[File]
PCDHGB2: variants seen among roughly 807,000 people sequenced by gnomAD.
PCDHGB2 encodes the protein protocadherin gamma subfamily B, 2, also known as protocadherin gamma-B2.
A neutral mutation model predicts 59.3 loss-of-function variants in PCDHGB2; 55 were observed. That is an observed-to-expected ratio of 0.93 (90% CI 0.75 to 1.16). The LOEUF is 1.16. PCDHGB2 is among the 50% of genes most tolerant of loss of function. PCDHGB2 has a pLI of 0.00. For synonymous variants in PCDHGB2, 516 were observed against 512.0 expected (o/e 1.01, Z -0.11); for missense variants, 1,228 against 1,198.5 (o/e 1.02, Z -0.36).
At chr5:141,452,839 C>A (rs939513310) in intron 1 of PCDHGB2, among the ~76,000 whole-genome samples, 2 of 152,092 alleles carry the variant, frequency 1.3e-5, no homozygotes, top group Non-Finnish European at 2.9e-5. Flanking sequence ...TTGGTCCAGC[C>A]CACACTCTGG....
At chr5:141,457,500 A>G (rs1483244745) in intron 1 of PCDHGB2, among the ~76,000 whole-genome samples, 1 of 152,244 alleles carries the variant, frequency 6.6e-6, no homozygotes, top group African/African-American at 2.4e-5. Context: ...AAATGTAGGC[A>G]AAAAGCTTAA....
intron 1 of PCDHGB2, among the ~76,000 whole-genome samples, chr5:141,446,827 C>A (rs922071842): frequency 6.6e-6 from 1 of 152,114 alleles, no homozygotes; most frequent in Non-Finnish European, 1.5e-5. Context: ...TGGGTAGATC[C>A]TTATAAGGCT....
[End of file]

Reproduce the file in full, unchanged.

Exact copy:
PCDHGB2: variants seen among roughly 807,000 people sequenced by gnomAD.
PCDHGB2 encodes the protein protocadherin gamma subfamily B, 2, also known as protocadherin gamma-B2.
A neutral mutation model predicts 59.3 loss-of-function variants in PCDHGB2; 55 were observed. That is an observed-to-expected ratio of 0.93 (90% CI 0.75 to 1.16). The LOEUF is 1.16. PCDHGB2 is among the 50% of genes most tolerant of loss of function. PCDHGB2 has a pLI of 0.00. For synonymous variants in PCDHGB2, 516 were observed against 512.0 expected (o/e 1.01, Z -0.11); for missense variants, 1,228 against 1,198.5 (o/e 1.02, Z -0.36).
At chr5:141,452,839 C>A (rs939513310) in intron 1 of PCDHGB2, among the ~76,000 whole-genome samples, 2 of 152,092 alleles carry the variant, frequency 1.3e-5, no homozygotes, top group Non-Finnish European at 2.9e-5. Flanking sequence ...TTGGTCCAGC[C>A]CACACTCTGG....
At chr5:141,457,500 A>G (rs1483244745) in intron 1 of PCDHGB2, among the ~76,000 whole-genome samples, 1 of 152,244 alleles carries the variant, frequency 6.6e-6, no homozygotes, top group African/African-American at 2.4e-5. Context: ...AAATGTAGGC[A>G]AAAAGCTTAA....
intron 1 of PCDHGB2, among the ~76,000 whole-genome samples, chr5:141,446,827 C>A (rs922071842): frequency 6.6e-6 from 1 of 152,114 alleles, no homozygotes; most frequent in Non-Finnish European, 1.5e-5. Context: ...TGGGTAGATC[C>A]TTATAAGGCT....